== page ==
Some healthcare experts Monday questioned the government's assertion that Bharat Biotech's COVID-19 vaccine Covaxin can target mutated coronavirus strains and maybe used as a "backup", as they asked for the scientific basis for the claim and for the vaccine's safety and efficacy.
The country's drugs regulator Sunday granted emergency use approval to Oxford-AstraZeneca's Covishield and also to indigenously developed Covaxin even though not enough data on the latter's efficacy and safety was available, which triggered a debate.
Noted virologist Shahid Jameel said he does believe that eventually, Covaxin would turn out to be safe and show more than 70 per cent efficacy.
"I say this based on the platform, which is widely used and Bharat Biotech's own track record of successfully making inactivated viral vaccines," he said.
He also said his concerns are based on the processes adopted for approving the vaccine and also on the utterances of people in responsible positions.
"If approval requires both safety and efficacy data for a representative population, phase 2 safety and immunogenicity do not fulfill that criteria," he said.
"That is why we conduct a phase 3. It is the closest you get to a population. Where is that data? Vaccines are not drugs. They are given to healthy people. They are prevention not a treatment. Both safety and efficacy is required," he said.
He also questioned what is an approval for a "backup"? "Does this mean that if needed, a vaccine of unproven efficacy would be used?" He said the biggest concern is that "sidestepping" processes and poor/complex communication will fuel vaccine hesitancy in India.
"There is already evidence of that on account of fast tracked development timescales. Our country has one of the finest immunisation programmes. It will also undermine the global value of India's vaccine industry, which is first rate by any measure," he said.
Indian Council of Medical Research Director General Dr Balram Bhargava had Sunday said Covaxin is based on an inactivated whole virus, having potential to target mutated coronavirus strains including the UK-variant, and it was a major reason for giving it a conditional nod.
He, however, had also said no clear data regarding the efficacy of the vaccine is available so far.
"The data generated so far demonstrates a strong immune response (both antibody as well as T cell) and in-vitro viral neutralisation. The ongoing clinical trial is the largest trial on 25,800 subjects, in which 23,000 volunteers have already been enrolled including subjects with comorbid conditions, and the vaccine has demonstrated safety till date," Bhargava has said.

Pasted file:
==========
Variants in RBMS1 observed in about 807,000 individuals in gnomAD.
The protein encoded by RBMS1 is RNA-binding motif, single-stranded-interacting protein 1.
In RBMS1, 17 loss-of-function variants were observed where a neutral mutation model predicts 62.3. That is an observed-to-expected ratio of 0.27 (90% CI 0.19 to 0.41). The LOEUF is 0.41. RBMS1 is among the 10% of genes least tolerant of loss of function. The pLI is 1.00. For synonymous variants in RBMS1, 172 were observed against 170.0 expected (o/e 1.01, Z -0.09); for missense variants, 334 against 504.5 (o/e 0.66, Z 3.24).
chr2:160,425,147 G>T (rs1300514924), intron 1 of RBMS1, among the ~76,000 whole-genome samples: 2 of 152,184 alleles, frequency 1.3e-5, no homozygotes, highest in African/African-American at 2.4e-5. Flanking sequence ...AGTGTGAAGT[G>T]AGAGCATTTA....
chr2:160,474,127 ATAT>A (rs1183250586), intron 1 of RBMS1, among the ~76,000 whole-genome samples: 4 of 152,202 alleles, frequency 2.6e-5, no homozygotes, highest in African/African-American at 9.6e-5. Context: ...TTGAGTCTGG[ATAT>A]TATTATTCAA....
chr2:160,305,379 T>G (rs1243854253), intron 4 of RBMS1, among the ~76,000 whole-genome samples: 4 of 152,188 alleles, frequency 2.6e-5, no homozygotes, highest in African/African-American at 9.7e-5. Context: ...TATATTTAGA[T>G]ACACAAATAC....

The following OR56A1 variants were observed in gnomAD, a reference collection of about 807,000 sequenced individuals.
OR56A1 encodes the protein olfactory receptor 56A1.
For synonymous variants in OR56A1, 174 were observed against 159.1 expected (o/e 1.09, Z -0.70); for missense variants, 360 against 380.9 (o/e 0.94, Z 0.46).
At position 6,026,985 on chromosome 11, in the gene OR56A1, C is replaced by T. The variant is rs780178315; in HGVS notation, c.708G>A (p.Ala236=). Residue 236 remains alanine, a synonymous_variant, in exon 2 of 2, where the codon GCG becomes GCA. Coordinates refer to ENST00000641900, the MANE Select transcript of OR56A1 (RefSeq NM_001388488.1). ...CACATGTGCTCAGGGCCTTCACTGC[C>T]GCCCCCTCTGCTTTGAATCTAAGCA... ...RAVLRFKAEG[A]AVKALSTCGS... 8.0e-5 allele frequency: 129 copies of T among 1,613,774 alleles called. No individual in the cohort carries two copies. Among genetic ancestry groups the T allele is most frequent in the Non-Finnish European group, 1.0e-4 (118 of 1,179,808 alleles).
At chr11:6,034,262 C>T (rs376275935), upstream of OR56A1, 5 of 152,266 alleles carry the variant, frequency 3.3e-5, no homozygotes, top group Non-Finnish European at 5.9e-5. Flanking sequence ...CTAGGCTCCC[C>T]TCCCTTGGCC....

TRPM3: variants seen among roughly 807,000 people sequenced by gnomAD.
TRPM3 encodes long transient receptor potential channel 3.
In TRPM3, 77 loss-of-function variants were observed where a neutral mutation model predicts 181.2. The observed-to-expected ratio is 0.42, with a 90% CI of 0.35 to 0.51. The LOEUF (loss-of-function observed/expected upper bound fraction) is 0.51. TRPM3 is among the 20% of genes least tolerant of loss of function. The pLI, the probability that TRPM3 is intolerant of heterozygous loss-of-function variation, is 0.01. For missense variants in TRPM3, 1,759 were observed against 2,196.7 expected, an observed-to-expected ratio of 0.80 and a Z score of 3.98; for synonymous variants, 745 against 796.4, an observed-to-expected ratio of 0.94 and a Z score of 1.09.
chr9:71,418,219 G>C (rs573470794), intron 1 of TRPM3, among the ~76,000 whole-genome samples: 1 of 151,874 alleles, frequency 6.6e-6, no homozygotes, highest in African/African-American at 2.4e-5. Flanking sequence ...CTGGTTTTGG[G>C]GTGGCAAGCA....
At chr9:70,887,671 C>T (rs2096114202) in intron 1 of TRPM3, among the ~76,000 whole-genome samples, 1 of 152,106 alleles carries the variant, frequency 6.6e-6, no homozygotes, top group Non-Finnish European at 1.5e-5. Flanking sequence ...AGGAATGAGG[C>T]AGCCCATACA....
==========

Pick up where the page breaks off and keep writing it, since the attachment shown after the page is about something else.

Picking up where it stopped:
All India Institute of Medical Sciences (AIIMS) director Randeep Guleria Monday said Bharat Biotech's vaccine has been given approval only in emergency situations as a backup.
"If there is a surge in cases then we may need larger doses of vaccine then we may go with Bharat Biotech's vaccine. The Bharat Biotech vaccine is more of a backup," he said.
He also rejected claims of fast-tracking the process.
"None of the clinical trials was fast tracked in terms of safety and efficacy. Fast tracking was done in taking regulatory approval which generally takes a long time while going from one phase to the other," he said.
All India Drugs Action Network (AIDAN) also questioned the claim that Covaxin can work better against the UK strain of the virus which is more transmissible.
"It is not clear if there is any scientific basis to claim that Covaxin will be effective in the context of infection by mutant strains when its efficacy has not been established and is currently unknown against any strain of the virus," the AIDAN said.
"The claim being propagated that the whole virion inactivated vaccine is likely to be effective against mutations of the virus is not being supported by any efficacy from the trial because no data has been generated as yet in the Phase 3 trial," AIDAN said in a statement.
A political battle has also ensued over approval to Covaxin.
Some Congress leaders, including Anand Sharma, Shashi Tharoor and Jairam Ramesh, on Sunday raised serious concerns over the green signal to the, saying it is "premature" and can prove dangerous.
The BJP, in response, hit out at the Congress with party president J P Nadda alleging that whenever India achieves something commendable the opposition party comes up with "wild theories" to "ridicule" the accomplishments.